The most significant changes with regards to the development of democratic procedures are those made to the appointment of regional governors (now only parties that have won in the regional elections will be allowed to present candidates), and also the changes to the procedure of forming the Federative Council (members will be chosen from elected deputies of the regional legislative assemblies). Additionally, moves have been made to encourage involvement of smaller parties in parliamentary affairs – those who did not obtain the minimum amount of votes, but received between 5 and 7 percent will now be represented. All in all, these steps should facilitate the development of a party system – all within the course that has been set out to make the transition towards a proportional election system.

Finally, we must also recognise the successful Medvedev – Putin duumvirate. The numerous speculations on the supposed division between the two leaders have remained for the time being just that – speculation. It is obvious, that however politically different Putin and Medvedev may be - they are two different people, and this will always result in differences in their views and approaches. But the differences are not that great.

Playing on disagreements between the president and prime minister it is a game that bureaucratic clans like to play; clans that see the existence of two decision-making centres as giving them the opportunity of attaining their own egoistic goals. And it is this game that during the global economic crisis Russia’s foes abroad would also very much like to play.

- Nezavisimaia Gazeta -
The limits of the usefulness of “managed democracy”

Legislators are scared of asking the executive inconvenient questions

The state Duma (lower house of parliament) took three weeks to mull over the first report appraising the government under the leadership of Vladimir Putin’s “Edinaia Rossiia” (United Russia). On the 30th January an evaluation report undertaken by the ministerial cabinet and carried out as part of a presidential initiative was presented to the Duma by first deputy Prime Minister Igor Shuvalov. The result of the long reflection by parliamentarians on the content of this report was a ten page resolution.

The idea was that the state Duma would give a much needed evaluation of the anti-crisis policies of the government. There would be the opportunity to ask as many questions as needed during the meeting with the cabinet ministers. Then the Duma would take the report to bits and examine the Igor Shuvalov’s answers. This would be followed by an appraisal of the effectiveness with which measures that had been undertaken by the government. The plan was to then name those deemed guilty for the failure of any of the initiatives, whilst assigning certain figures the task of carrying out any urgent measures necessary to put the system to right.

However, the deputies did not set about asking difficult questions. The resolution that ensued confirmed the position of the parliamentary majority (United Russia): not one mistake committed by the ministerial cabinet was noted. Deputies got around the trickiest bit in their relations with the government with amazing simplicity. In order to answer the question “who’s guilty?”, whilst at the same time taking their own leader out of the equation, they thought up complex turns of phrase, with the only thing eventually criticised being the wholly abstract “insufficiently high level of discipline in many federal organs of executive power, resulting in bogging down of the timescale of carrying out the President and Prime Minister’s orders”.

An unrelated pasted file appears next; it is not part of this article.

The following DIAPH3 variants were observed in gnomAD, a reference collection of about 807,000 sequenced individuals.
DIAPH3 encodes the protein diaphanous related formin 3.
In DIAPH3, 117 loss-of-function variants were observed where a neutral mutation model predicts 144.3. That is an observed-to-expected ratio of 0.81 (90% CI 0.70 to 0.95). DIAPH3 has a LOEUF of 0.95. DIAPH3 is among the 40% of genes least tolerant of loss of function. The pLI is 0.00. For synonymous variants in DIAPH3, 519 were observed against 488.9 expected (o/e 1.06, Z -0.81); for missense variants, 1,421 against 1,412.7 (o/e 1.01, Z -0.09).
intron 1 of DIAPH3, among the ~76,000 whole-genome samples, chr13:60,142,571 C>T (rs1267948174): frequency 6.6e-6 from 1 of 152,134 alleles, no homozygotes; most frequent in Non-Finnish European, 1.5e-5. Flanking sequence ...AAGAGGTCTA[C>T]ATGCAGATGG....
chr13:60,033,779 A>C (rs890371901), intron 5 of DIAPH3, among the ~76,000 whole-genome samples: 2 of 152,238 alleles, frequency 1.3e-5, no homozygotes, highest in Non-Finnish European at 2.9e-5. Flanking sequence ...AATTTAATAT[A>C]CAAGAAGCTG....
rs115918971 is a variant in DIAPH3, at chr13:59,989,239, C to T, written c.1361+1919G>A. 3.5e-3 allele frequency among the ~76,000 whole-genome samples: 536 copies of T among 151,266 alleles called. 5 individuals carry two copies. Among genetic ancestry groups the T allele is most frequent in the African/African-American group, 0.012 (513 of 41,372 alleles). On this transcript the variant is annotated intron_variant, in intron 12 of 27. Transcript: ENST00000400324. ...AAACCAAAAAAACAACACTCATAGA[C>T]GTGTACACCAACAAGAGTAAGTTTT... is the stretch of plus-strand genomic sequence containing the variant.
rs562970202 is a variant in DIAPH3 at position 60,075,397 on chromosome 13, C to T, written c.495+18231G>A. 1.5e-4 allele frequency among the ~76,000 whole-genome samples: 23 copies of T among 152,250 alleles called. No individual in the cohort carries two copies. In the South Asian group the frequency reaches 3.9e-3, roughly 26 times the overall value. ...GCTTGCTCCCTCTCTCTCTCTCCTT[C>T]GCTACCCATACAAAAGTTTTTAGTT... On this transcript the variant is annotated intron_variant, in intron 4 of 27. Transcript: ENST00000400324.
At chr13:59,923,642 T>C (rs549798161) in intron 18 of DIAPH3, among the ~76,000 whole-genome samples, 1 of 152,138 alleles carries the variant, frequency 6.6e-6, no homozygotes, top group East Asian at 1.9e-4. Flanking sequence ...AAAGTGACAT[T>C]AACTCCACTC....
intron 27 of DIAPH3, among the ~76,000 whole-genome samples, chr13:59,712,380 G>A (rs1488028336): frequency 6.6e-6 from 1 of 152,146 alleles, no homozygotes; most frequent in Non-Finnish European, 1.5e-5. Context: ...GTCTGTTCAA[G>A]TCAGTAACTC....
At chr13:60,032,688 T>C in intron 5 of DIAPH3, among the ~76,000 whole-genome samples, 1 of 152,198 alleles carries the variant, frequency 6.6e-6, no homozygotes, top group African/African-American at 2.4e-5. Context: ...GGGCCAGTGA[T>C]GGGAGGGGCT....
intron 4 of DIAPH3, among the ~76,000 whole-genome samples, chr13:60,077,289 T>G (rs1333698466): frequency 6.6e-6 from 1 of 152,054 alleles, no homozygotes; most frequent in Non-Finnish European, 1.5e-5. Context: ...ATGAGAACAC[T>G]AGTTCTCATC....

And that was the end of the critical section of the Duma’s resolution. What followed were a series of requests made to the executive. Among them is the wholly astonishing remark expressing the need to organise and set up a government programme to encourage the unemployed to undertake work in the social sphere. That is, instead of demanding the government (and themselves for that matter) why on earth, a full half year into the crisis, such programmes do not already exist, deputies preferred to simply meekly express the desire of creating them. They did not even dare to mention the timeframe or name those who would be involved in their implementation.

It seems the deputies’ attitude can be summed up by the age-old saying “good Tsar, bad boyars”. It’s true, that there are now in fact two Tsars, but this is not important for state Duma deputies. It is much more important that the party leader receives the same respect as the president. However, the situation is not quite as amusing as it may seem.

Firstly, such a process devalues the very idea of an evaluation – what was the point of going to such trouble to produce a report just to end up making some insignificant suggestions to some insignificant people? Secondly, this trivialises the workings of the Duma. Tax-payers provide 5.5 billion roubles a year to keep the lower house of parliament running in the hope that its deputies will stand up for their interests, regardless of who they have to confront. Meanwhile, the majority of representatives are worried about only one thing - how to find sufficiently pleasant and inoffensive turns of phrase to describe the difficult relationship between the legislative and executive.

The problem is not just the declarational character of the Russian parliament. The problem is the removal from the political arena of one of the most important mechanisms of democratic control over the executive. It is necessary to have a real division of power not only on the surface, but in reality too. It has a practical use – improving the country’s anti-crisis programmes.

When times are tough, the natural limitations of a regime that calls itself “managed democracy” become plain to see. Sooner or later however the danger will arise that there will be no-one in this “democracy” left to govern.